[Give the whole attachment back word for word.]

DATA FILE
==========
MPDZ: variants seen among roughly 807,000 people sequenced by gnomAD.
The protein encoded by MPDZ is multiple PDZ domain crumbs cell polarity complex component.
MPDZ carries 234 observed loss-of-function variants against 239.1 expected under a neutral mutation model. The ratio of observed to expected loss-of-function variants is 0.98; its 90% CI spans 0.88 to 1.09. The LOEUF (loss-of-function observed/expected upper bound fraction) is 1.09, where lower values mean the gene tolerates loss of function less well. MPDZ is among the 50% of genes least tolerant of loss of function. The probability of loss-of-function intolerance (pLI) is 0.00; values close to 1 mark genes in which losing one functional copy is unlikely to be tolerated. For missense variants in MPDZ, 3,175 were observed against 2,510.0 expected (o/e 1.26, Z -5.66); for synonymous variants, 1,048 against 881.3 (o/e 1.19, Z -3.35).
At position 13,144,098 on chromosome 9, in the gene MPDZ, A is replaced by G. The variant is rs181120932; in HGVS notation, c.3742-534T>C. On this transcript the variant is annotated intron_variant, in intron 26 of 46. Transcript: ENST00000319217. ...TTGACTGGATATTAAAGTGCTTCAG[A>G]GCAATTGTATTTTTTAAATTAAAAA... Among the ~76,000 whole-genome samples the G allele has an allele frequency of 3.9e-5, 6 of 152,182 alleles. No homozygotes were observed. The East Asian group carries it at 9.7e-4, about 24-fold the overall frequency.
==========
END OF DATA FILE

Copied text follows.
MPDZ: variants seen among roughly 807,000 people sequenced by gnomAD.
The protein encoded by MPDZ is multiple PDZ domain crumbs cell polarity complex component.
MPDZ carries 234 observed loss-of-function variants against 239.1 expected under a neutral mutation model. The ratio of observed to expected loss-of-function variants is 0.98; its 90% CI spans 0.88 to 1.09. The LOEUF (loss-of-function observed/expected upper bound fraction) is 1.09, where lower values mean the gene tolerates loss of function less well. MPDZ is among the 50% of genes least tolerant of loss of function. The probability of loss-of-function intolerance (pLI) is 0.00; values close to 1 mark genes in which losing one functional copy is unlikely to be tolerated. For missense variants in MPDZ, 3,175 were observed against 2,510.0 expected (o/e 1.26, Z -5.66); for synonymous variants, 1,048 against 881.3 (o/e 1.19, Z -3.35).
At position 13,144,098 on chromosome 9, in the gene MPDZ, A is replaced by G. The variant is rs181120932; in HGVS notation, c.3742-534T>C. On this transcript the variant is annotated intron_variant, in intron 26 of 46. Transcript: ENST00000319217. ...TTGACTGGATATTAAAGTGCTTCAG[A>G]GCAATTGTATTTTTTAAATTAAAAA... Among the ~76,000 whole-genome samples the G allele has an allele frequency of 3.9e-5, 6 of 152,182 alleles. No homozygotes were observed. The East Asian group carries it at 9.7e-4, about 24-fold the overall frequency.